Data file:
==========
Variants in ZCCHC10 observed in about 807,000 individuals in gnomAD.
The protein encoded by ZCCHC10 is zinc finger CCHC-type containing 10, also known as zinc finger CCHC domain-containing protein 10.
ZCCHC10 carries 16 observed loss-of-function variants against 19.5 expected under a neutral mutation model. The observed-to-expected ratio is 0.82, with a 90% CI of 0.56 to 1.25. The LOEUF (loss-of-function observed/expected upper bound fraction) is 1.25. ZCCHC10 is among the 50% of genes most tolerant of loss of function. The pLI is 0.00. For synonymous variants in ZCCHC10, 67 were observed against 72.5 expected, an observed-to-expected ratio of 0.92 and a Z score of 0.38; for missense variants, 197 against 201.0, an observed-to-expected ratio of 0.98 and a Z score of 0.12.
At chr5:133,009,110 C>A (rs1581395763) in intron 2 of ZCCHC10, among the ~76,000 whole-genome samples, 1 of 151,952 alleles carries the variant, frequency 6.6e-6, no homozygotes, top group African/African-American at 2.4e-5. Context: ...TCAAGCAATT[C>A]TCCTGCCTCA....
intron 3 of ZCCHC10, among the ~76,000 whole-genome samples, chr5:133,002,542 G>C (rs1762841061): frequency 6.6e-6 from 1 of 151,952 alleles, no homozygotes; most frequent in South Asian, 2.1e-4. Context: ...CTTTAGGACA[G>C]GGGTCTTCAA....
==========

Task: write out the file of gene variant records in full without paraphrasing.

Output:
Variants in ZCCHC10 observed in about 807,000 individuals in gnomAD.
The protein encoded by ZCCHC10 is zinc finger CCHC-type containing 10, also known as zinc finger CCHC domain-containing protein 10.
ZCCHC10 carries 16 observed loss-of-function variants against 19.5 expected under a neutral mutation model. The observed-to-expected ratio is 0.82, with a 90% CI of 0.56 to 1.25. The LOEUF (loss-of-function observed/expected upper bound fraction) is 1.25. ZCCHC10 is among the 50% of genes most tolerant of loss of function. The pLI is 0.00. For synonymous variants in ZCCHC10, 67 were observed against 72.5 expected, an observed-to-expected ratio of 0.92 and a Z score of 0.38; for missense variants, 197 against 201.0, an observed-to-expected ratio of 0.98 and a Z score of 0.12.
At chr5:133,009,110 C>A (rs1581395763) in intron 2 of ZCCHC10, among the ~76,000 whole-genome samples, 1 of 151,952 alleles carries the variant, frequency 6.6e-6, no homozygotes, top group African/African-American at 2.4e-5. Context: ...TCAAGCAATT[C>A]TCCTGCCTCA....
intron 3 of ZCCHC10, among the ~76,000 whole-genome samples, chr5:133,002,542 G>C (rs1762841061): frequency 6.6e-6 from 1 of 151,952 alleles, no homozygotes; most frequent in South Asian, 2.1e-4. Context: ...CTTTAGGACA[G>C]GGGTCTTCAA....